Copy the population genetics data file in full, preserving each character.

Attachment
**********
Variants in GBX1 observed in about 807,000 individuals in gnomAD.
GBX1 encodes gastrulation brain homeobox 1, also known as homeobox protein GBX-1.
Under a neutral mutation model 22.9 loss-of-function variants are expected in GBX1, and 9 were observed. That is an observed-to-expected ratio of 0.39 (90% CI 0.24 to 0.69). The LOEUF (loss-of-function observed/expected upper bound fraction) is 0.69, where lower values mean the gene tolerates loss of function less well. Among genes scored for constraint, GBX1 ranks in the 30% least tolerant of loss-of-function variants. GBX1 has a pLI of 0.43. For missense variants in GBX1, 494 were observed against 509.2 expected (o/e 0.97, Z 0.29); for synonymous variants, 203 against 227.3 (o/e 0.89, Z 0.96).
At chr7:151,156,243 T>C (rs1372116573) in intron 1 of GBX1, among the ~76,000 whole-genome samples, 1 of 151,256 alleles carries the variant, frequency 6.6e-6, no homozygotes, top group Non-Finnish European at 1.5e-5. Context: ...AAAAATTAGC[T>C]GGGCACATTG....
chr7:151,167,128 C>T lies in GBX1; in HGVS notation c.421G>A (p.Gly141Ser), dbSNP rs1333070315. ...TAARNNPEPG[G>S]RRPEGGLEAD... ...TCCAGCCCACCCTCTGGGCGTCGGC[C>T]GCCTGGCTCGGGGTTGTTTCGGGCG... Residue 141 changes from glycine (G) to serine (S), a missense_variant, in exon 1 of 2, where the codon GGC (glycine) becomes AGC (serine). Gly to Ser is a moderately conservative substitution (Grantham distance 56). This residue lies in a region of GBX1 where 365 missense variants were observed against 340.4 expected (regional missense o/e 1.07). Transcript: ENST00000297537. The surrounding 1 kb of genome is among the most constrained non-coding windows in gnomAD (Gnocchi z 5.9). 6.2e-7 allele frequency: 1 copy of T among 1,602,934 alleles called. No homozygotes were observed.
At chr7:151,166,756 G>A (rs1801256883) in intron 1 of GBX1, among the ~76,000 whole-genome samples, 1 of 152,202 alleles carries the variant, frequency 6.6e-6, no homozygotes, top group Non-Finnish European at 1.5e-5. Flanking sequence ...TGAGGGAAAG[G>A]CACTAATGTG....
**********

Variants in GBX1 observed in about 807,000 individuals in gnomAD.
GBX1 encodes gastrulation brain homeobox 1, also known as homeobox protein GBX-1.
Under a neutral mutation model 22.9 loss-of-function variants are expected in GBX1, and 9 were observed. That is an observed-to-expected ratio of 0.39 (90% CI 0.24 to 0.69). The LOEUF (loss-of-function observed/expected upper bound fraction) is 0.69, where lower values mean the gene tolerates loss of function less well. Among genes scored for constraint, GBX1 ranks in the 30% least tolerant of loss-of-function variants. GBX1 has a pLI of 0.43. For missense variants in GBX1, 494 were observed against 509.2 expected (o/e 0.97, Z 0.29); for synonymous variants, 203 against 227.3 (o/e 0.89, Z 0.96).
At chr7:151,156,243 T>C (rs1372116573) in intron 1 of GBX1, among the ~76,000 whole-genome samples, 1 of 151,256 alleles carries the variant, frequency 6.6e-6, no homozygotes, top group Non-Finnish European at 1.5e-5. Context: ...AAAAATTAGC[T>C]GGGCACATTG....
chr7:151,167,128 C>T lies in GBX1; in HGVS notation c.421G>A (p.Gly141Ser), dbSNP rs1333070315. ...TAARNNPEPG[G>S]RRPEGGLEAD... ...TCCAGCCCACCCTCTGGGCGTCGGC[C>T]GCCTGGCTCGGGGTTGTTTCGGGCG... Residue 141 changes from glycine (G) to serine (S), a missense_variant, in exon 1 of 2, where the codon GGC (glycine) becomes AGC (serine). Gly to Ser is a moderately conservative substitution (Grantham distance 56). This residue lies in a region of GBX1 where 365 missense variants were observed against 340.4 expected (regional missense o/e 1.07). Transcript: ENST00000297537. The surrounding 1 kb of genome is among the most constrained non-coding windows in gnomAD (Gnocchi z 5.9). 6.2e-7 allele frequency: 1 copy of T among 1,602,934 alleles called. No homozygotes were observed.
At chr7:151,166,756 G>A (rs1801256883) in intron 1 of GBX1, among the ~76,000 whole-genome samples, 1 of 152,202 alleles carries the variant, frequency 6.6e-6, no homozygotes, top group Non-Finnish European at 1.5e-5. Flanking sequence ...TGAGGGAAAG[G>A]CACTAATGTG....